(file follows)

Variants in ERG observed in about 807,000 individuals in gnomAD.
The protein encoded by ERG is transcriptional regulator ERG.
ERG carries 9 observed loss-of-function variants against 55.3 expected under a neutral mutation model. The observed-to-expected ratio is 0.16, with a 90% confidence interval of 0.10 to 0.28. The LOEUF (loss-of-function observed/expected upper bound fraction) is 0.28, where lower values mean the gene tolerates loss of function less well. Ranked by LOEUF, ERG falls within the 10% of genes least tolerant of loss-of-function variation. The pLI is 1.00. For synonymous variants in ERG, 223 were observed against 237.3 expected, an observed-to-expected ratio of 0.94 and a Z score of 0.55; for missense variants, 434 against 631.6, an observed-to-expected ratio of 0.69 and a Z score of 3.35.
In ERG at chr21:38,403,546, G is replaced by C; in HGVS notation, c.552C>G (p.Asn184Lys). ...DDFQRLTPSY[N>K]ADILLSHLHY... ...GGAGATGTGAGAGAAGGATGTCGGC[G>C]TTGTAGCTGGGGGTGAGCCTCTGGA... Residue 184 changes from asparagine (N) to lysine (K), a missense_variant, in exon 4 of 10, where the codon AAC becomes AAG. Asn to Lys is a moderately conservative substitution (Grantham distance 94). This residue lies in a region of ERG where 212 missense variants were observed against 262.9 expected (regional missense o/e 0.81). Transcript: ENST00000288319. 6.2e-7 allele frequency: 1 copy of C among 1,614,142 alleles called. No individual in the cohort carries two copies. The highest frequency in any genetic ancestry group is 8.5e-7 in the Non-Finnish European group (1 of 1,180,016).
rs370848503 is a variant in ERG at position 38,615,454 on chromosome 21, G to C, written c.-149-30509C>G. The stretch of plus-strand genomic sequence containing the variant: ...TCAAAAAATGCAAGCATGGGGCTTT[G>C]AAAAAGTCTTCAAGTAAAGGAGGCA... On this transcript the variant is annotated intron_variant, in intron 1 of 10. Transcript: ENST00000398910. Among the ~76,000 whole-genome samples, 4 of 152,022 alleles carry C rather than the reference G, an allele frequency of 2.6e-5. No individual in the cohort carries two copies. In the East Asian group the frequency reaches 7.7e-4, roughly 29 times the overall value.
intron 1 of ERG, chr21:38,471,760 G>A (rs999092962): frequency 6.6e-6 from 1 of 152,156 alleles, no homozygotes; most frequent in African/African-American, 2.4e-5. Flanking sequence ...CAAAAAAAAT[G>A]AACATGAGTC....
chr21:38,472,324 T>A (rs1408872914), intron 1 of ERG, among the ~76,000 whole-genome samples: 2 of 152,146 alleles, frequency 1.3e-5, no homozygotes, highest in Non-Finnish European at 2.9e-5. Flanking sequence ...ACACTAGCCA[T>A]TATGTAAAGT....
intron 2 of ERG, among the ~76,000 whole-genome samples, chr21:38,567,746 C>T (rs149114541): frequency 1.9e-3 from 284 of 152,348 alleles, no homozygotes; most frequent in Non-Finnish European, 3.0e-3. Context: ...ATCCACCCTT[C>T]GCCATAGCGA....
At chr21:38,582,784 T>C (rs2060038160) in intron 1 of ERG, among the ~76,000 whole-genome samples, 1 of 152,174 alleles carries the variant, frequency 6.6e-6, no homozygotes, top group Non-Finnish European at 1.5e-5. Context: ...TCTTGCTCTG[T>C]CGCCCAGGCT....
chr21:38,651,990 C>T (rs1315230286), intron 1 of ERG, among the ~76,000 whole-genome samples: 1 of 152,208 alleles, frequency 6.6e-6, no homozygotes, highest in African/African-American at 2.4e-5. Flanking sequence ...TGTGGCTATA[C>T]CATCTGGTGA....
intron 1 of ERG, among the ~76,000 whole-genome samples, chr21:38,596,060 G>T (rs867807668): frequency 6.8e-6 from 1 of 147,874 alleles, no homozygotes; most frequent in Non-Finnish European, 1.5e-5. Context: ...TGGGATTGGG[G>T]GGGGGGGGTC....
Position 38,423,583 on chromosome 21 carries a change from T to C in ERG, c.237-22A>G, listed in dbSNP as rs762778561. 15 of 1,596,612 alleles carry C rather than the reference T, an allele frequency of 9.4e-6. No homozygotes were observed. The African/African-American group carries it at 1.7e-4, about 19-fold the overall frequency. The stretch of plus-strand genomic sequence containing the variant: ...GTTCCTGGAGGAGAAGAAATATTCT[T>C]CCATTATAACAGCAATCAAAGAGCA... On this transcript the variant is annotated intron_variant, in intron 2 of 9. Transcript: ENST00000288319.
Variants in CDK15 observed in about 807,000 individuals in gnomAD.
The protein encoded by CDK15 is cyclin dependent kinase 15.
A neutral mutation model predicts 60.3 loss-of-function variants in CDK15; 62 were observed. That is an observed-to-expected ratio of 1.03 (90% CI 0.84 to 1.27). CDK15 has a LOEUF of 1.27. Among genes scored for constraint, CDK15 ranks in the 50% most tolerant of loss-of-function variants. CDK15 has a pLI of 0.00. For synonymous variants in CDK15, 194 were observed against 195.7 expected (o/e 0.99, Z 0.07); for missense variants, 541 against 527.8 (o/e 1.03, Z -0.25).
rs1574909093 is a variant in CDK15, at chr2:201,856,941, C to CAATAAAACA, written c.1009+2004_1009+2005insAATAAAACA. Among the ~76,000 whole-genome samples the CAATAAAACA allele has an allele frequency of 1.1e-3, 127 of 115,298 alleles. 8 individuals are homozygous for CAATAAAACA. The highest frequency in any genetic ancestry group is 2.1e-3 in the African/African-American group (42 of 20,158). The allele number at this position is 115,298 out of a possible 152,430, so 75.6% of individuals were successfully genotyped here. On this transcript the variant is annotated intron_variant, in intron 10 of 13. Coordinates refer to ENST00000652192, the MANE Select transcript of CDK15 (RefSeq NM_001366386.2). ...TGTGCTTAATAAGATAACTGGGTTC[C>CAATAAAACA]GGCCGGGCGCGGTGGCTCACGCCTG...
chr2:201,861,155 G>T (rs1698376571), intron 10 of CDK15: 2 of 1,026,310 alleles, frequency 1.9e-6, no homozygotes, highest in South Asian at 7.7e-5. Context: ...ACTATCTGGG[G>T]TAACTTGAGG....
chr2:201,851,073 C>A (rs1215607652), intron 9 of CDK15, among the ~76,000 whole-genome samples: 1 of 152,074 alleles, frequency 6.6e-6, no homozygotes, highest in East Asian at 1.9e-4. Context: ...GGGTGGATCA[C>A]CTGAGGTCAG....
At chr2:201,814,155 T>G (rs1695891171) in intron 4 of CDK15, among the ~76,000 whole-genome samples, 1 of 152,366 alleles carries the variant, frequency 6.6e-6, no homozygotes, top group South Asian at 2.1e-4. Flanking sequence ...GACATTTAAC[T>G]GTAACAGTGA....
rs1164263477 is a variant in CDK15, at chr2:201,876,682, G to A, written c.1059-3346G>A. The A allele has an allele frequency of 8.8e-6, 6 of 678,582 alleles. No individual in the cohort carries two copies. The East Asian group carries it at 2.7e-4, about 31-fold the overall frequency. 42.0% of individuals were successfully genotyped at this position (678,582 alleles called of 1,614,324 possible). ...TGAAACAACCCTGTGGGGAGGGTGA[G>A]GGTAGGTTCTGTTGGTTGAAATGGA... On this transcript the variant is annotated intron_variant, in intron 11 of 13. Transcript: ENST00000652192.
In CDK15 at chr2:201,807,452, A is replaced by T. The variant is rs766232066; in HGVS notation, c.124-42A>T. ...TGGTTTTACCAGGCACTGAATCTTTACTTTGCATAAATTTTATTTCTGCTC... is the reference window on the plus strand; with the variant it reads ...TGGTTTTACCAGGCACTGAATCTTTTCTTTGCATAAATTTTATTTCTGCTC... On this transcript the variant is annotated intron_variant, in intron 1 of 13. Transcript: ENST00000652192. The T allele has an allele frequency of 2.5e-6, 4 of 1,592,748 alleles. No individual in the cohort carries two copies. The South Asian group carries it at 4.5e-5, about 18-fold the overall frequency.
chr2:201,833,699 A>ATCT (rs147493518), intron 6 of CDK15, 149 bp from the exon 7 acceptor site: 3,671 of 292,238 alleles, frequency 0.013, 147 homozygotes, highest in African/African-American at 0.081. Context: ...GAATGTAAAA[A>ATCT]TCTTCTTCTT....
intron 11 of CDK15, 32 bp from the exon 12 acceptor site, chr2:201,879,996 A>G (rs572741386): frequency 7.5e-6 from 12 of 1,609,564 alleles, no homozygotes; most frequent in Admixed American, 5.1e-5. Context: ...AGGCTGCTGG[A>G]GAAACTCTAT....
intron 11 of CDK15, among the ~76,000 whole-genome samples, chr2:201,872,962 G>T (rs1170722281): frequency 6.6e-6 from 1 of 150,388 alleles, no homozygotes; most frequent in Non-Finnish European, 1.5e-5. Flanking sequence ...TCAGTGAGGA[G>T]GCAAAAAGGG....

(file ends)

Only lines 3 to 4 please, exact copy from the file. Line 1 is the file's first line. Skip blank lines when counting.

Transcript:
ERG carries 9 observed loss-of-function variants against 55.3 expected under a neutral mutation model. The observed-to-expected ratio is 0.16, with a 90% confidence interval of 0.10 to 0.28. The LOEUF (loss-of-function observed/expected upper bound fraction) is 0.28, where lower values mean the gene tolerates loss of function less well. Ranked by LOEUF, ERG falls within the 10% of genes least tolerant of loss-of-function variation. The pLI is 1.00. For synonymous variants in ERG, 223 were observed against 237.3 expected, an observed-to-expected ratio of 0.94 and a Z score of 0.55; for missense variants, 434 against 631.6, an observed-to-expected ratio of 0.69 and a Z score of 3.35.
In ERG at chr21:38,403,546, G is replaced by C; in HGVS notation, c.552C>G (p.Asn184Lys). ...DDFQRLTPSY[N>K]ADILLSHLHY... ...GGAGATGTGAGAGAAGGATGTCGGC[G>C]TTGTAGCTGGGGGTGAGCCTCTGGA... Residue 184 changes from asparagine (N) to lysine (K), a missense_variant, in exon 4 of 10, where the codon AAC becomes AAG. Asn to Lys is a moderately conservative substitution (Grantham distance 94). This residue lies in a region of ERG where 212 missense variants were observed against 262.9 expected (regional missense o/e 0.81). Transcript: ENST00000288319. 6.2e-7 allele frequency: 1 copy of C among 1,614,142 alleles called. No individual in the cohort carries two copies. The highest frequency in any genetic ancestry group is 8.5e-7 in the Non-Finnish European group (1 of 1,180,016).